Minimally Korean (2015)

Minimally Korean, 2015, participatory food performance and social sculpture, dried Korean seaweed as Carl Andre sculpture, glass ant house filled with Kimtschi as Barnett Newman color field painting, 10 cutting boards, acorn jelly as Donald Judd sculpture, Humboldt Lab Dahlem Museum, Berlin, 24 June 2015, photo: Aleks Slota

What does it mean to host a “food art intervention”? What is an “edible performance”? These are good questions and essential to understanding the premise that underlies RHEE’s Minimally Korean performed at the Humboldt Lab Dahlem in 2015. The performance is a revisionist history of sorts, an intervention that disrupts the mythology of the modernist paradigm that Minimalism was an exclusively “white man’s movement.” Part of her “sincere desire to make visible to the majority what is experienced by the minority,” RHEE appropriates and reinvents Minimalism employing food as an integral critique device. As scholar Barbara Kirshenblatt-Gimblett notes, food and performance art have a long important history of association. Indeed, Minimally Korean isn’t RHEE’s first performance that involved the politics of food as a means to resist cultural norms. In 2011, she created Dr. RHEE’s Kimtschi Shop, a fake pop-up store in das Gift, a Berlin bar. “The sixty jars of homemade kimchi weren’t for sale: visitors to the ‘store’ had to produce something of equal value to kimchi in order to barter.” “Move Over Sauerkraut,” reads the header of Dr. RHEE’s Kickstarter campaign, “Berlin is for Kimtschi Lovers.” These playful slogans present a humorous front for a more serious subtext. Similarly, Minimally Korean also incorporates a playfulness despite the intervention it represents. For the project, RHEE assumes the role of ethnographer and clinical administrator, who oversees the production of three edible art works that reference “cultural artifacts” found in North America. These include a ready-made Carl Andre floor sculpture made out of square sheets of seaweed, a large glass box of kimchi referencing a color-field painting by Barnett Newman, and a replica of Donald Judd’s specific objects created from slabs of acorn jelly. RHEE purposefully enhanced the bureaucracy of the event requiring viewers to stand in long lines and to be questioned by her front desk staff, all of whom were East Asian. “This is not a restaurant,” they remind the audience. “This is a performance work.” RHEE’s workers pick participants at random, requiring them to complete a museum survey. While some participants appear to have left satisfied even content, others complained about not getting free food and were hostile particularly in response to the controlled, bureaucratic structure of the performance. A few viewers were brazen enough to try to sneak into the performance when they weren’t selected by RHEE’s staff. This range of responses, notably the push-back against following the rules of the project, point to the underlying conceptual basis of Minimally Korean. “How do you call ‘White Privilege’ in German?,” RHEE asks in her preparatory notes for the performance. Later, in her blog, RHEE summarizes the results of Minimally Korean and provides a frank diagnosis: “The demand for free food at Dahlem Museum reveals art world hubris and racist micro-aggressions.” Was the bureaucracy of the event too much for some participants? Did some take offense to the critique of Minimalism? Were some viewers uncomfortable taking orders from RHEE and her all East Asian staff? While Minimally Korean doesn’t answer these questions outright, as an intervention it puts these important queries on the table. To be clear, the tenor of dissatisfaction, on both the part of the artist and participant, is not a negative outcome of Minimally Korean. On the contrary, it is a marker of the very essence of what RHEE is resisting.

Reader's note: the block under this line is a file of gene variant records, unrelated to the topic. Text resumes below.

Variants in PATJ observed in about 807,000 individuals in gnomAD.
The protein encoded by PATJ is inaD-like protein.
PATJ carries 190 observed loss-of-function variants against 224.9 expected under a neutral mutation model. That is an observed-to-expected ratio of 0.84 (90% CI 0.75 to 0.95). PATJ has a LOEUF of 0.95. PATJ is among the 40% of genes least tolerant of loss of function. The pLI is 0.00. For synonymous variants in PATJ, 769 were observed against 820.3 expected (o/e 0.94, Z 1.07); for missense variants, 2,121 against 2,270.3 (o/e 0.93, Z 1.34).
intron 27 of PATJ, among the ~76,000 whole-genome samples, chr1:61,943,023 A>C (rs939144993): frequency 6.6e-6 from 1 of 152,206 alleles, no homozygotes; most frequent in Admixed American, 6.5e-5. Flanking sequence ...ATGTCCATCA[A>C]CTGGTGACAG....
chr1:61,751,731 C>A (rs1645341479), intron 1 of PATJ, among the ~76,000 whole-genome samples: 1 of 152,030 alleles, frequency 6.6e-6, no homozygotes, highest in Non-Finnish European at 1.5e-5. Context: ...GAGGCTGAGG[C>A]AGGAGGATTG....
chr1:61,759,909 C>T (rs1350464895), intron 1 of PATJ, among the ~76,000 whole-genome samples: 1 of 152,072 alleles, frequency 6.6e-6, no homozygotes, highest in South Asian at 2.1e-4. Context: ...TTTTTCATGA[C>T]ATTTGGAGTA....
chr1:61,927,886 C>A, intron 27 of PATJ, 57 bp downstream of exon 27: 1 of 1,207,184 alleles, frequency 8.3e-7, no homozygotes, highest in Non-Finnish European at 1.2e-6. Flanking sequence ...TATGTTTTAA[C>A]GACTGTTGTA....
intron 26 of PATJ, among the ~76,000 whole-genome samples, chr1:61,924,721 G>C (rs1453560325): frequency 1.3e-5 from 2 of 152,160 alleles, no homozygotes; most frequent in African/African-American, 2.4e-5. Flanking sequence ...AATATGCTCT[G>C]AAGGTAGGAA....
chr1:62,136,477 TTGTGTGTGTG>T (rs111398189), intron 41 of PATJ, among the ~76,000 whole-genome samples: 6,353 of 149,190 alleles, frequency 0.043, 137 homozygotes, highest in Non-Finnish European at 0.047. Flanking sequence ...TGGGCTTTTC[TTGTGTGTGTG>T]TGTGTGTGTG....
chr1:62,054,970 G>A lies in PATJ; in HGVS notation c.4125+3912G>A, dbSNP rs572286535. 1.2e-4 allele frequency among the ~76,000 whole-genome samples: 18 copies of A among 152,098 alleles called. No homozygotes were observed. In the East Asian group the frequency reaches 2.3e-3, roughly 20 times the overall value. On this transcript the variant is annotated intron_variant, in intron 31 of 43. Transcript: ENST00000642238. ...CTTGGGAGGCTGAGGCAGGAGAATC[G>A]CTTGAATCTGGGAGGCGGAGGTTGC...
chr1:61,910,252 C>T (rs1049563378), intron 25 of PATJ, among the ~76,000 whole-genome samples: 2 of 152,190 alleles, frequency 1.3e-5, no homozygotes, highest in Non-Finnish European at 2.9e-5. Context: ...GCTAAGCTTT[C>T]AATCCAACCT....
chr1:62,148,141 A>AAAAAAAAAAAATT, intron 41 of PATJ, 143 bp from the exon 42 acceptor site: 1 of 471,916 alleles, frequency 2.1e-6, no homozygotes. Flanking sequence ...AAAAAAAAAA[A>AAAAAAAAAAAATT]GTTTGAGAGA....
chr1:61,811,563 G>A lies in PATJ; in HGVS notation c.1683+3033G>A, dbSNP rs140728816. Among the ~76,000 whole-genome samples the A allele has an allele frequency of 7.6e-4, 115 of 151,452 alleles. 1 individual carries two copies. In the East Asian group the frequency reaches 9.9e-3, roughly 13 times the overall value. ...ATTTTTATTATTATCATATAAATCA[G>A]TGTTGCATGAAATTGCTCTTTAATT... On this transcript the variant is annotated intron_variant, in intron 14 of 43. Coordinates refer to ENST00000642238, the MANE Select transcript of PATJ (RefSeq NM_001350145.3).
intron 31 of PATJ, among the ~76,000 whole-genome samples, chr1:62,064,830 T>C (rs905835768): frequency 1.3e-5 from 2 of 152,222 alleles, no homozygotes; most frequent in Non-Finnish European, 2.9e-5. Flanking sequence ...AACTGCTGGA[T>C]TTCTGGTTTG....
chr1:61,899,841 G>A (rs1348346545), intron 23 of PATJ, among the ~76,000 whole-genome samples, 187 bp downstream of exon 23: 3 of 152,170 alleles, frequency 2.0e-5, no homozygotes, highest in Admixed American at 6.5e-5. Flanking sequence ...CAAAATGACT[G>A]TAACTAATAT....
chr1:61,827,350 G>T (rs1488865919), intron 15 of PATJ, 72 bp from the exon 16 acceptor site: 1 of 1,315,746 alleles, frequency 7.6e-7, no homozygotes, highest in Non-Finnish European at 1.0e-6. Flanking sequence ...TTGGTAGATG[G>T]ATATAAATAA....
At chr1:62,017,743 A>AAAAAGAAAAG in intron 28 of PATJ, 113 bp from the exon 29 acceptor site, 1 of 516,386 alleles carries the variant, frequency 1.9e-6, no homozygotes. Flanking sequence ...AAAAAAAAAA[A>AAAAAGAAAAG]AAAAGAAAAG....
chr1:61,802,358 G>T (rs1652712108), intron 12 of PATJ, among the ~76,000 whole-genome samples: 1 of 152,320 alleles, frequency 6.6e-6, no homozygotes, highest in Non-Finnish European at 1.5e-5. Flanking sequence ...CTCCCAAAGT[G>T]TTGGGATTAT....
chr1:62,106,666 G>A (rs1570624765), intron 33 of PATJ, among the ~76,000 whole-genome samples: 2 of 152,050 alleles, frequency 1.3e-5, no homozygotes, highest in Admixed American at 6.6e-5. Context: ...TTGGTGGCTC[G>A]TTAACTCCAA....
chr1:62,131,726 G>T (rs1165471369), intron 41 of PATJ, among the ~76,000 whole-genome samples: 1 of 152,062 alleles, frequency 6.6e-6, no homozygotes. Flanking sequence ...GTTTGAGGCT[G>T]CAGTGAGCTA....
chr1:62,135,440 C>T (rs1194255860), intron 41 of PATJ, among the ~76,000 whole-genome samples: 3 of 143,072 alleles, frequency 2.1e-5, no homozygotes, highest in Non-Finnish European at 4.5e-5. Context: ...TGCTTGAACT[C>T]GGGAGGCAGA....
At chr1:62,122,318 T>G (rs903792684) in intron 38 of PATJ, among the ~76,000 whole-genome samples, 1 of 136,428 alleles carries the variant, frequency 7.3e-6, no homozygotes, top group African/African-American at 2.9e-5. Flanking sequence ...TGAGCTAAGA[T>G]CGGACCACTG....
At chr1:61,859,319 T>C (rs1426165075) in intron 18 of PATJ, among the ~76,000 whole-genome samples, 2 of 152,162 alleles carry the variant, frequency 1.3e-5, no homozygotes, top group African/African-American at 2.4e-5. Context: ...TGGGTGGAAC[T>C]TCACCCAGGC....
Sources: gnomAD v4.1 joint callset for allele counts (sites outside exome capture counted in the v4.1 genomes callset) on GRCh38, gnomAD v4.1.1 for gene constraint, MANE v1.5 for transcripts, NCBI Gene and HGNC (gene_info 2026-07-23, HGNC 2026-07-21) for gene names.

– excerpt from Winning: kate-hers RHEE and the Culture of Resistance, by Dr. Brett M. Van Hoesen, Associate Professor Art History, University of Nevada